Selected writings of John M. Scudder.
Care not to over-use medicines is the lesson inculcated in this editorial. Even water in excessive quantities may approach the poisonous in effect. To be able to discover the proper balance in the use of drugs is one of the marks of the discriminating physician, and the expert in this line ranks among the most successful of prescribers.—Ed. Gleaner.
MEDICINES AND POISONS.—One of the first lessons that should be impressed upon the mind of the student is—that medicines are poisons. Not that one or two, or a group of a dozen are poisons— mercury, arsenic, antimony, etc., but every article of our as well as other people's Materia Medica. I think it is probable that many practitioners have also the same lesson to learn, and. the sooner they learn it the better it will be for their patients.
I assert, that to the healthy man all medicines, without an exception, are poisons. That every one, without an exception, will cause a departure from the healthy standard, either in function or in structure, if given in the ordinary medicinal dose, if continued in the usual way.
It is true that the human body is so constructed as to resist causes of disease, whether in the usual form, or in the form of medicine, but it yields more readily to the medicinal poison than it does to the others. Very many persons can not take the mildest and simplest drug without being unpleasantly affected—I number myself as one of this class; some will resist the unpleasant influence for a considerable time, but eventually yield.
Of course we recognize the fact that medicines vary very greatly in their unpleasant influence, some being very virulent and speedy, others mild and slow. It is a singular fact that, as a rule, the most active, speedy, and virulent of these poisons make the best remedies. Many will object to this, and yet if they think of Aconite, Veratrum, Gelsemium, Nux, Belladonna, Rhus, and others, they will see that it is true. Some of the mild remedies have a very decided action in disease, but we could not afford to dispense with the others.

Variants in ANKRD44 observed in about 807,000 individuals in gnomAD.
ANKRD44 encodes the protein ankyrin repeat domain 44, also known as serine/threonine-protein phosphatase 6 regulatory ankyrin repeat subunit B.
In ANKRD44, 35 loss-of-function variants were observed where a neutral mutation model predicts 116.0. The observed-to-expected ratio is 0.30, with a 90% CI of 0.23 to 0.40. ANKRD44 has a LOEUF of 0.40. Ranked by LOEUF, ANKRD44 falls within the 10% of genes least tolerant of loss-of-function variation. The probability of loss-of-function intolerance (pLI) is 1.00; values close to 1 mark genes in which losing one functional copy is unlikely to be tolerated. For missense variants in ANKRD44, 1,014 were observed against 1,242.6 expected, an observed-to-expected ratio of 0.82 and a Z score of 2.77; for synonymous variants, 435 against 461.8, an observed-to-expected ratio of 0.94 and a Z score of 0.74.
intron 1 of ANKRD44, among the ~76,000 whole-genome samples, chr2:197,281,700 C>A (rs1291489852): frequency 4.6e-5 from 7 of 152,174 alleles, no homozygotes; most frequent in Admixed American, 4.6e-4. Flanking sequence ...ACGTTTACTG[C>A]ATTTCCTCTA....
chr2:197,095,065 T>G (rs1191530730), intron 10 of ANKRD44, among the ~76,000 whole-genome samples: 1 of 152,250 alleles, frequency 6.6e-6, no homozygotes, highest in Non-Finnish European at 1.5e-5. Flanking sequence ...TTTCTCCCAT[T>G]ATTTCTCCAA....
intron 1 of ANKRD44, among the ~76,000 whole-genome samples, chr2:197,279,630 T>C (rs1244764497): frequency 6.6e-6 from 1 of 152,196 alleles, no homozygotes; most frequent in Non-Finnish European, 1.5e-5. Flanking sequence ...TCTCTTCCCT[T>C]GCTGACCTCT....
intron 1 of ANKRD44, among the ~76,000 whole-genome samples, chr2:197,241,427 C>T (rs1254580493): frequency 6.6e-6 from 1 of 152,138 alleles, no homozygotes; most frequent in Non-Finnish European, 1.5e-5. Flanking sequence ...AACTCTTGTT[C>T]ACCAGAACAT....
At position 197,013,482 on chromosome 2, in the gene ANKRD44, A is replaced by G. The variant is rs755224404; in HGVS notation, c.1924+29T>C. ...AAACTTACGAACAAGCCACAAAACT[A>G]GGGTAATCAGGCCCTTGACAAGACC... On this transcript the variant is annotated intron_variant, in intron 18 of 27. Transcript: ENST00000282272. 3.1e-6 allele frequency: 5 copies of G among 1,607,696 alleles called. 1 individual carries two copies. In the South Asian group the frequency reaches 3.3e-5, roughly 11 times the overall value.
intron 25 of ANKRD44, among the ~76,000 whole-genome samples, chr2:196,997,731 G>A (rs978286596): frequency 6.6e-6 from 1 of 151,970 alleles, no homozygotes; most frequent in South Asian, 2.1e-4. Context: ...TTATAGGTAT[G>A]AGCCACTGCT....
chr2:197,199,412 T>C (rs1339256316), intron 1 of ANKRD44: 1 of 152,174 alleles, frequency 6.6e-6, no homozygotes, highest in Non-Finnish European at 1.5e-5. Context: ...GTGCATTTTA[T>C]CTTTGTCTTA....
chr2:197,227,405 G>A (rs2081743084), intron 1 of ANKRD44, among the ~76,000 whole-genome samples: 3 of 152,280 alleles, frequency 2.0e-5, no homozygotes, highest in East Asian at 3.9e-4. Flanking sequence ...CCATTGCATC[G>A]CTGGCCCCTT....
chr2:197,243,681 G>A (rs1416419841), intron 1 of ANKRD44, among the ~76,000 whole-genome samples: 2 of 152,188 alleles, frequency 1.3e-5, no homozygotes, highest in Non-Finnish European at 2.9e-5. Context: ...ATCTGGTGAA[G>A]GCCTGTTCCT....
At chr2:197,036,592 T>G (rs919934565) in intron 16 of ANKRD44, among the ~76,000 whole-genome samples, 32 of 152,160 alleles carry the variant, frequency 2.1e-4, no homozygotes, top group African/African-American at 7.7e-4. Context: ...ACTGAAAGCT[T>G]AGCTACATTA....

It is so essential to realize the poisonous character of medicines that I would advise every reader to prove it on his own person. One may admit a fact, and yet not realize it in his senses and continually forget it in the treatment of others. Try a half-grain of Podophyllin, repeated two or three times, drop doses of Aconite, Veratrum, Rhus, Nux, or ten-drop doses of Lobelia, Sanguinaria, Stillingia, or even the simpler remedies, Macrotys, Asclepias, Hydrastis, or a medium dose of Quinine repeated. Try anything you have in the office, and I think you will prove the truth of the proposition—that to the healthy all medicines are poisons.
If it is the fact that all medicines are poisons to the healthy, how is it that they are not poisons to the sick? I answer the question decidedly, that they are poisons to the sick, unless there is something in the disease to antagonize the medicine. Will a given case of disease antagonize all medicines? No, it will not; usually not but a few. If there is no relationship between the medicine and the disease it will just as surely do harm as it would do harm to the healthy person. To put it in a plainer form, we say, unless the medicine be indicated as a remedy it will always make the patient worse. There is no middle ground with medicines, they either do good or harm. Good if they are selected with reference to their relationship to the present disease, harm if they are not so selected.
It seems to be a common opinion, if we may judge from the common practice, that medicines are wholly innocuous for harm. String them together in groups, and get them into the sick person, and some one or more will find its way to the sickness and remove it. It would seem that physicians have counted the chances of getting the right remedy, and have grouped a dozen or a score together in the hopes that some one would fit the disease, or that the compound would fit more diseases, and with greater certainty than a single agent.
As above stated, I do not believe any lesson can be more profitable than the lesson that is taught by proving one or more of our more common remedies. We not only learn that the medicine has a decided influence upon the body, that in the common form and dose it is quite unpleasant, but we also learn the quality of this action, and that medicines have an elective affinity for certain parts to the exclusion of others. If we prove this of only one medicine, we have good grounds to believe it of all; if we prove it of but half a dozen, we establish the facts in our minds beyond all peradventure.
But we do not want to lose sight of the test—all medicines are poisons; are poisons to the sick as well as the healthy, unless they are antagonized by and antagonize disease. This being the case we propose to handle drugs with care, assuring ourselves of the curative relation of the drug to the disease before we administer it. I always enjoin upon my students "not to give medicine unless they can see clearly that the, medicine is likely to aid in removing the disease."—SCUDDER, Eclectic Medical Journal, 1875.
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"As a rule, it is best to effect changes insensibly or without shock to any organ or to the entire body."—Specific Medication, p. 36.
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The Biographies of King, Howe, and Scudder, 1912, was written by Harvey Wickes Felter, M. D.